My aim is to articulate Newton’s position regarding the mathematization of nature. This is challenging because Newton, unlike Hobbes and Barrow, never stated a systematic philosophy of mathematics. Yet it is crucial to articulate Newton’s position given his enormously creative and influential contributions to mathematics and natural philosophy. On my reading, Newton regards the traditional response to the first question, which takes mathematical concepts to apply to abstract rather than material entities, to be deeply mistaken. Newton holds instead that “rational mechanics” offers as exact a description of material objects as the description of abstract allegedly provided by mathematics. Yet he does not take this exactness to be directly revealed in experience. An exact description underlies experience, but the underlying quantitative description can only be reconstructed from observations within an appropriate framework.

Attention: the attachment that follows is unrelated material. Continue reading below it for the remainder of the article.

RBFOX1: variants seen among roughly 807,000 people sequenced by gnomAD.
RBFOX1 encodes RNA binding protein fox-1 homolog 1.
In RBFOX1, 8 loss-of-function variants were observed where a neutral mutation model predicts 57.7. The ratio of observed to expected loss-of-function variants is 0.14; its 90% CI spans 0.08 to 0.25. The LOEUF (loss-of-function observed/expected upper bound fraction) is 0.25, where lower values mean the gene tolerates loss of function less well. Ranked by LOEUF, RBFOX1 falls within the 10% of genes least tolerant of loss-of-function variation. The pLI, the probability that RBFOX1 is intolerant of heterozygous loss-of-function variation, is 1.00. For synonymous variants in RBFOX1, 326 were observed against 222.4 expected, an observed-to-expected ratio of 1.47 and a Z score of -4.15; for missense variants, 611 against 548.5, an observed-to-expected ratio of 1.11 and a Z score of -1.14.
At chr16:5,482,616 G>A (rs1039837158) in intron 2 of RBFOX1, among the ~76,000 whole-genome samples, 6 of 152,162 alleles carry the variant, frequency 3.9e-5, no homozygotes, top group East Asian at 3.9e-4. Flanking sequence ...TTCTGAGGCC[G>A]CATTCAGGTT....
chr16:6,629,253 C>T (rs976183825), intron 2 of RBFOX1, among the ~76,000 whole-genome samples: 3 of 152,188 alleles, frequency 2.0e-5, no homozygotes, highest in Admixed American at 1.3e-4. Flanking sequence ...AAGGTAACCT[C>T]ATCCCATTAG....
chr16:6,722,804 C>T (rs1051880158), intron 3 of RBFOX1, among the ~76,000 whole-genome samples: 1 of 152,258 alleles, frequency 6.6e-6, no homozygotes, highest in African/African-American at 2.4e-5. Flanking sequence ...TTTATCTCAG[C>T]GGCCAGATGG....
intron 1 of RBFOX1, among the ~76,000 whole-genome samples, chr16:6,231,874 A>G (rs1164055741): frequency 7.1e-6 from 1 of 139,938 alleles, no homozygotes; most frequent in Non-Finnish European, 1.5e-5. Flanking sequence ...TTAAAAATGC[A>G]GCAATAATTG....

Regarding the second question, the aim of natural philosophy is taken to be the articulation of the appropriate framework for uncovering fundamental quantites and regularities. Newton develops an account of force in the Principia that provides such a framework, in that it underwrites theorems relating properties of observed motions to properties of a given force law (and vice versa). Making a convincing case in favor of the force of gravity to his contemporaries required overcoming opposition to this new approach to natural philosophy, which placed forces characterized quantitatively at the center of investigation. It is also not clear how to bring to bear the traditional demand that a demonstration must proceed from causes. Mathematics provides an inferential framework for understanding the forces relevant to phenomena, and for extracting an exact quantitative description of motion from inexact experience. While it is certainly appropriate to ask whether this approach has succeeded in discovering the true forces of nature from complex phenomena, it is less clear that there is a valid remnant of the Aristotelian demand for causes.